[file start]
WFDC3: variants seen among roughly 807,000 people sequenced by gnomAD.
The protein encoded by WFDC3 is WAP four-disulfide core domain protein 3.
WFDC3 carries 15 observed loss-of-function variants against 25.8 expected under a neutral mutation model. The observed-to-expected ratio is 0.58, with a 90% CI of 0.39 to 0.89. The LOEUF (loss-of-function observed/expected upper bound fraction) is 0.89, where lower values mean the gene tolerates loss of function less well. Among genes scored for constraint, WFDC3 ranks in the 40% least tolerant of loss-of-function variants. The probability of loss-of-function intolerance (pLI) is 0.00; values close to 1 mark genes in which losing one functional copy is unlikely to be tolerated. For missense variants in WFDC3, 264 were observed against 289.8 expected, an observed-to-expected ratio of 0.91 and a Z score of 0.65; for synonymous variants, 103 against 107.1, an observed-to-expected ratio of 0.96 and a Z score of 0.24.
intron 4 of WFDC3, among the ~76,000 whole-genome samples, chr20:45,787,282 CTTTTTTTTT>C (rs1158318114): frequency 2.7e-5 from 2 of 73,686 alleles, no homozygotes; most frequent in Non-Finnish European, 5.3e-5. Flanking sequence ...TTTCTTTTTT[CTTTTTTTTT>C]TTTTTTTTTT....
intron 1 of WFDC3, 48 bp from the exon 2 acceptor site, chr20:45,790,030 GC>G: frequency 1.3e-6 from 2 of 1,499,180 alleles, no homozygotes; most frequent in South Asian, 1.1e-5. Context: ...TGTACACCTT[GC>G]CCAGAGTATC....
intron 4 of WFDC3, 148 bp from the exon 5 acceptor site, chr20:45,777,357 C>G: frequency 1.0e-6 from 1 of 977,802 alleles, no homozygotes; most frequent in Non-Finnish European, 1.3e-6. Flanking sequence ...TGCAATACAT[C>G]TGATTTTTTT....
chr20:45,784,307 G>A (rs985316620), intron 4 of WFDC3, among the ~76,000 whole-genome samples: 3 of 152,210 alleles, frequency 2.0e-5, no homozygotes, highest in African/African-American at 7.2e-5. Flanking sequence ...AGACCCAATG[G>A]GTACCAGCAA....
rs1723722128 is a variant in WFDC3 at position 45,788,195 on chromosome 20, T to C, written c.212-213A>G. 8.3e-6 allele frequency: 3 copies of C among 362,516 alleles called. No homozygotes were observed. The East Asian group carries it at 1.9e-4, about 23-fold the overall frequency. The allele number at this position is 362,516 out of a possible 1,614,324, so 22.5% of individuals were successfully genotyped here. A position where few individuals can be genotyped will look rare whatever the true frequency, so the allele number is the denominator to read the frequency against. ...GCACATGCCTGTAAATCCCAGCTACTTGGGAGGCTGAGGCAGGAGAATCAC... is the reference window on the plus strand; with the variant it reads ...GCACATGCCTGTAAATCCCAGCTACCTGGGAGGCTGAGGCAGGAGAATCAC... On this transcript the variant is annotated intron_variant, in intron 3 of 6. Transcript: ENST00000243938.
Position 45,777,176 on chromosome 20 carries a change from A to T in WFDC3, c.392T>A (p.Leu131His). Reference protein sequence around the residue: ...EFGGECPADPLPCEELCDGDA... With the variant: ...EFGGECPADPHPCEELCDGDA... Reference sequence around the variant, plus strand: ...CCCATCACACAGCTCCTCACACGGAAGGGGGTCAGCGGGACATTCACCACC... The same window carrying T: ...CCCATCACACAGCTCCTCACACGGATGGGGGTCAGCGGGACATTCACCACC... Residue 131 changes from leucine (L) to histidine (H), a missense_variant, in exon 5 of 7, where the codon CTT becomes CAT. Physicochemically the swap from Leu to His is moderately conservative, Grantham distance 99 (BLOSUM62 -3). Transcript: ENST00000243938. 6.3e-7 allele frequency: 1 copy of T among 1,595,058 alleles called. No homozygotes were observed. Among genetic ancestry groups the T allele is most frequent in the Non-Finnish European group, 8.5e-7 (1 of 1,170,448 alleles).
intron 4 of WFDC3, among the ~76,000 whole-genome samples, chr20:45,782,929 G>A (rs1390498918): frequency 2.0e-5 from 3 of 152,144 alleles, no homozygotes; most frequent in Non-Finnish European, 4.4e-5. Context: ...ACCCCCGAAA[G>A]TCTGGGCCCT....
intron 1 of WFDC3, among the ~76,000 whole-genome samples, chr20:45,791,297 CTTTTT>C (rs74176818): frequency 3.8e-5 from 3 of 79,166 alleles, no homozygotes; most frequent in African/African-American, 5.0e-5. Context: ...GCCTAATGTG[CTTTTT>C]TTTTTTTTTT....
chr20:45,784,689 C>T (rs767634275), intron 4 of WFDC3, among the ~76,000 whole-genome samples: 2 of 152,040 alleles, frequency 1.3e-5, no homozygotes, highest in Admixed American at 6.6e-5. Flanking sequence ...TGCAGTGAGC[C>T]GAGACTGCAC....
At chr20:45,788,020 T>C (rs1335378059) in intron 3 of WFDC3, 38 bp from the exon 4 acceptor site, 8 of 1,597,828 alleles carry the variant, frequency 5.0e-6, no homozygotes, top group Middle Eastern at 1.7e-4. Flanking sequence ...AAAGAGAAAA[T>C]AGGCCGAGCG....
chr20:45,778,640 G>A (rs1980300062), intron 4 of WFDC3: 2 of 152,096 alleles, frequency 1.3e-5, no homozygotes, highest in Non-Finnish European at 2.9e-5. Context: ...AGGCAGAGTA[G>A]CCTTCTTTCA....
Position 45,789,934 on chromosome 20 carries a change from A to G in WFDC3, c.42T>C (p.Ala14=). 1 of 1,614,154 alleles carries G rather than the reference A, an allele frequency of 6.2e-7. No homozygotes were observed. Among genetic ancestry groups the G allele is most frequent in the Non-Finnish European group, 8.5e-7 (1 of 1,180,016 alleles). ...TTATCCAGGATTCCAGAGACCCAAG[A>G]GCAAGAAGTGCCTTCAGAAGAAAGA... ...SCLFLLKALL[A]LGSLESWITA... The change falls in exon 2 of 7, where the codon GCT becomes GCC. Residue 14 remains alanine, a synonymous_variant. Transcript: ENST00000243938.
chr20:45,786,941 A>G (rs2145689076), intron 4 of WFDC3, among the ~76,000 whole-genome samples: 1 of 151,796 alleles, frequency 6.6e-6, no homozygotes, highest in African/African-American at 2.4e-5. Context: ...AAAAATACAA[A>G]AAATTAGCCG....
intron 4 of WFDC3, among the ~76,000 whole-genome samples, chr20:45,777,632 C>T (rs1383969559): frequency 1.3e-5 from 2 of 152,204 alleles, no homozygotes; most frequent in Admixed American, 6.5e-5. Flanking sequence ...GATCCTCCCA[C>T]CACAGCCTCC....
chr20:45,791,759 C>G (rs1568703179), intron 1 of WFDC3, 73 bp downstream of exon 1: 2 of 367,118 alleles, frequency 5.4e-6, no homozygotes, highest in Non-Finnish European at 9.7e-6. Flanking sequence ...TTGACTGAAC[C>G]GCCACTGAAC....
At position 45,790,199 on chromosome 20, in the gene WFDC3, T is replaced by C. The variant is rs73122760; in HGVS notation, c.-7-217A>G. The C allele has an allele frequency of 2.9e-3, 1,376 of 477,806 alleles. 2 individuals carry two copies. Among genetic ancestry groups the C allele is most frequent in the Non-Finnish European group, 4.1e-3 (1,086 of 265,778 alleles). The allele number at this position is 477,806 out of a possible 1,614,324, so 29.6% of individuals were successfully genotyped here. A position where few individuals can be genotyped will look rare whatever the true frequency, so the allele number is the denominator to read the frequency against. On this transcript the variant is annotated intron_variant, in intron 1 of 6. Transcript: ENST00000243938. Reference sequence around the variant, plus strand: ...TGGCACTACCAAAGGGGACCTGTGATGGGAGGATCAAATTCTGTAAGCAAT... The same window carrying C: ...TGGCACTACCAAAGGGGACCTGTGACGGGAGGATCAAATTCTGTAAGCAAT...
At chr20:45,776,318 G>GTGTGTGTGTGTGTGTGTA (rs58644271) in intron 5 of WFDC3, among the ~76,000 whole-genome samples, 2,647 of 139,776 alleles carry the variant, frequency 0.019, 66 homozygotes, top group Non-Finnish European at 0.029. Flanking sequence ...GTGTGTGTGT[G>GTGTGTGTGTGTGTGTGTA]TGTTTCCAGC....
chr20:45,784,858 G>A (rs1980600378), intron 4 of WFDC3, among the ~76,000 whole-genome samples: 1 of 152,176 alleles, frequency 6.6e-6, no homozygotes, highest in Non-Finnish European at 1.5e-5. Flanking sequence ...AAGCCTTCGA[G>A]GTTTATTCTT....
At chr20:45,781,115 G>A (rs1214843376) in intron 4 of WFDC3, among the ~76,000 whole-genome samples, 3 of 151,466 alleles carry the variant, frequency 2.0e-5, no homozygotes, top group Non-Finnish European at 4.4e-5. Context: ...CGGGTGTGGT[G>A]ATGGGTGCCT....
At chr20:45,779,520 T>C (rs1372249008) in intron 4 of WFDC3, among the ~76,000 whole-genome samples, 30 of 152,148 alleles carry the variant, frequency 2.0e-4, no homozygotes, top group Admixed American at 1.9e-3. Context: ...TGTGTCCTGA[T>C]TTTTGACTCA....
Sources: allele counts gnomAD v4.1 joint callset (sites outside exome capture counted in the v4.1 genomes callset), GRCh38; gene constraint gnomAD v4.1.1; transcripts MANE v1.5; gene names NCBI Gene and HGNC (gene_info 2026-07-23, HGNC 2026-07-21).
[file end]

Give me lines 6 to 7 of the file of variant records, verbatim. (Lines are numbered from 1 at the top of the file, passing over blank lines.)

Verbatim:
intron 4 of WFDC3, 148 bp from the exon 5 acceptor site, chr20:45,777,357 C>G: frequency 1.0e-6 from 1 of 977,802 alleles, no homozygotes; most frequent in Non-Finnish European, 1.3e-6. Flanking sequence ...TGCAATACAT[C>G]TGATTTTTTT....
chr20:45,784,307 G>A (rs985316620), intron 4 of WFDC3, among the ~76,000 whole-genome samples: 3 of 152,210 alleles, frequency 2.0e-5, no homozygotes, highest in African/African-American at 7.2e-5. Flanking sequence ...AGACCCAATG[G>A]GTACCAGCAA....